Saturday, August 7, 2010
Right Living or Right Thinking?
I have come across several people who have told me that right practice is more important than right beliefs. We're all familiar with the phrase "You can talk the 'talk', but can you walk the 'walk'?" These same people interpret this to mean that acting properly is more important than believing properly. I disagree.
Right Living presupposes Right Thinking. How one lives is dependent on how one perceives the world. Perception always precedes action. In order for someone to determine that an action is required (or not), a perception must be made. If a person makes the wrong perception, the wrong action may very well follow. Of course, if the right perception is made, the right action may very well follow also. This is not a definite equation because one still has to make a decision based on, not just one perception but, numerous perceptions; and it may not always be clear which of those perceptions should take precedence over the other(s). To make that determination (action), other perceptions must be invoked.
Our actions are the result of a long chain of perceptions. If one perception is incorrect, it may throw off the system beyond that point. Luckily, some perceptions can force us to correct (another action) other perceptions, and that will help put us back on the right path to the right actions.
Here is where "Understanding" (Education) versus "Memorization" (Information) becomes part of the idea. You can read my post "Information vs. Education" to get the details, but here's a quick summary: A focus on Information leads to being able to make right decisions in a set number of situations, while a focus on Education does not have the limitation of a "set number".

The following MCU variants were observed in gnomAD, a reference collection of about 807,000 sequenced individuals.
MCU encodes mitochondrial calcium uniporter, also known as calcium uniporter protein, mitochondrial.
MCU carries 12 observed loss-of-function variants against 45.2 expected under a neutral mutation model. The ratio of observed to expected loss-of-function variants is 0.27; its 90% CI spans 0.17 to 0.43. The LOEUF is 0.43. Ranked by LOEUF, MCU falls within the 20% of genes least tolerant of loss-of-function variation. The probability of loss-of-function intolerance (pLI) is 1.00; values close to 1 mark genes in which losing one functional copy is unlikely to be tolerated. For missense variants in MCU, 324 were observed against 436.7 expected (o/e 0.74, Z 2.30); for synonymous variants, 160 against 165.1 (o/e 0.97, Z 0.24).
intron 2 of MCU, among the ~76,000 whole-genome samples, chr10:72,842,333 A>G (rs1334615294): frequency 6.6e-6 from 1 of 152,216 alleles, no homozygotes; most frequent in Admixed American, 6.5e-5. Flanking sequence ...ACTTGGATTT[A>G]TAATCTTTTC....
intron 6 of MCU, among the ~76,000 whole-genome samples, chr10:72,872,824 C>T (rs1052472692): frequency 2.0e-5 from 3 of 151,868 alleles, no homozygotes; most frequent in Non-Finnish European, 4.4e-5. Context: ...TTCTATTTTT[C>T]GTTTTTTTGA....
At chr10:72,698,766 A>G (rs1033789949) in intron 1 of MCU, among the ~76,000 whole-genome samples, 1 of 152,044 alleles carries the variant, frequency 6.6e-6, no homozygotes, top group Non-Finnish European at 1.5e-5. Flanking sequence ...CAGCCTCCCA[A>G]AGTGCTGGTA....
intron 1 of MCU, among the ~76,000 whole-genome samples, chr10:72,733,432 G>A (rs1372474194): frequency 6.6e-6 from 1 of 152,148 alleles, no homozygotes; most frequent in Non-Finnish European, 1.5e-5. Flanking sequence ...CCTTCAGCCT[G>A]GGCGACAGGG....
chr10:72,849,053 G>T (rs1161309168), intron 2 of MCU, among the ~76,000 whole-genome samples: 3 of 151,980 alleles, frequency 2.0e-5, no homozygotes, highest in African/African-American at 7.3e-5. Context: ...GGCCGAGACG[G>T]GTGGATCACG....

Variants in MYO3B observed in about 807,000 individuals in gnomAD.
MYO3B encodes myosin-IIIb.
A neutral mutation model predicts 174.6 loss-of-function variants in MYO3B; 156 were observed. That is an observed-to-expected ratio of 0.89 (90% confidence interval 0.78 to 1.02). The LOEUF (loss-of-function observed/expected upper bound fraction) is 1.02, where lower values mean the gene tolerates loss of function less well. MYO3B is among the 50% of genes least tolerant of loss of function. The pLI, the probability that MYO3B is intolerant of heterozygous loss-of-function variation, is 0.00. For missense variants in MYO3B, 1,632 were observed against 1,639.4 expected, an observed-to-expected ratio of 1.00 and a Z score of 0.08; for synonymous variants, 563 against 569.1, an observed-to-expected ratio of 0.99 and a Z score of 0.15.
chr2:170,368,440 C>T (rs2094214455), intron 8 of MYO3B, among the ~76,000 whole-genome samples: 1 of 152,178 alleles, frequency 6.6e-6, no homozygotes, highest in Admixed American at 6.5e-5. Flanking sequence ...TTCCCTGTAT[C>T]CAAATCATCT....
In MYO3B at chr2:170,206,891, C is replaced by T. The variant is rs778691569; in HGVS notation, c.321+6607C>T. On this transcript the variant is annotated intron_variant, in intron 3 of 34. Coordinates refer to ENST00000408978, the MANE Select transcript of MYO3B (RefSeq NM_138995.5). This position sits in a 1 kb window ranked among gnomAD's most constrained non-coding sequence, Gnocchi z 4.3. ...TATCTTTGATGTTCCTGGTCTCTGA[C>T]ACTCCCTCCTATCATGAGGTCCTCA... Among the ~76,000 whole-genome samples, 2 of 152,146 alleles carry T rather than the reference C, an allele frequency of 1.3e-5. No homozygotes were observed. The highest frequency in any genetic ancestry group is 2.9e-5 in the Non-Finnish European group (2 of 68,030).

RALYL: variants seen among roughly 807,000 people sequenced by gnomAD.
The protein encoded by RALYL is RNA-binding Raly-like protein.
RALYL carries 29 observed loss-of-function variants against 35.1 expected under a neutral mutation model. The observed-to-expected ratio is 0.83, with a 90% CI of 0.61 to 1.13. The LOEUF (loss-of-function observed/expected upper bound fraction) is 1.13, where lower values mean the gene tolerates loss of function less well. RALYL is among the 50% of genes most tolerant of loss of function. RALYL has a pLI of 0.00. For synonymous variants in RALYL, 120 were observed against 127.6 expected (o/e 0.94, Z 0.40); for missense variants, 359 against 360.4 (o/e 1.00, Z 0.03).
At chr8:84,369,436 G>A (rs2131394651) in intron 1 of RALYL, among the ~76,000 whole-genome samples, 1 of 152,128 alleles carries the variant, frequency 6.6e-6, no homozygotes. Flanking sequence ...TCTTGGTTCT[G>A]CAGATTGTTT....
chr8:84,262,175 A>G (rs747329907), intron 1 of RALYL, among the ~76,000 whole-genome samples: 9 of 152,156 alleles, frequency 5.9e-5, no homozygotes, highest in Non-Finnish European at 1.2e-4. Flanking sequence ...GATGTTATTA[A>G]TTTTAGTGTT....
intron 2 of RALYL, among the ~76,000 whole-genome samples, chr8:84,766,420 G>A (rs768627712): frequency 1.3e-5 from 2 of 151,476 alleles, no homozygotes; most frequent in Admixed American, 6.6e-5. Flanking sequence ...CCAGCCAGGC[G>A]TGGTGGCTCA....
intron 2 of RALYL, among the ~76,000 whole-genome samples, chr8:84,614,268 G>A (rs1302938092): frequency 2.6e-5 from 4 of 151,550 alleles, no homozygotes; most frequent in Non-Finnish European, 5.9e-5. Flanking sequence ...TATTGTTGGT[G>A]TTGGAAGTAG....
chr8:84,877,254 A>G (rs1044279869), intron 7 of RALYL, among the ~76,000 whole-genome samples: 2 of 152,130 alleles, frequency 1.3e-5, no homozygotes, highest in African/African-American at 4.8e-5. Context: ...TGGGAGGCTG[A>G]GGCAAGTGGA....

I'm not saying that Right Living is not important, because it is (read my post "Is Consistency Important?" and follow the links to other posts). Right Living is the logical outworking of Right Thinking. Right Thinking (when all perceptions are taken into account) cannot lead to wrong living (emotions or "the heart" can mess with this, though- see the Psychology Class Series).
At the same time, Right Living cannot guarantee Right Thinking. Many beliefs may appear to be compatible with certain right actions, so one is able to choose which belief he/she likes that leads to that certain action. Unfortunately, understanding of reality is reflected directly by beliefs. Since actions require at least one belief, actions indirectly reflect the understanding, and may be right or wrong, depending on which of the "compatible" beliefs the person holds. If we conform our beliefs to one that accurately reflects reality, we won't have to choose from the many beliefs that are "compatible" with our actions. Instead, the right actions will follow from the right beliefs.
To find out how to determine which beliefs accurately reflect reality see the follow posts:
Consistency Among Disciplines
Is Consistency Important?
The Power of a Cumulative Case
Psychology Class Series
(For nuancing the Christian understanding of reality) Nature vs. Scripture
Here's an episode from William Lane Craig's (of Reasonable Faith) Defenders Podcast "Introduction to Christian Doctrine"
This also ties back to my post "Judgment Day- Part 1".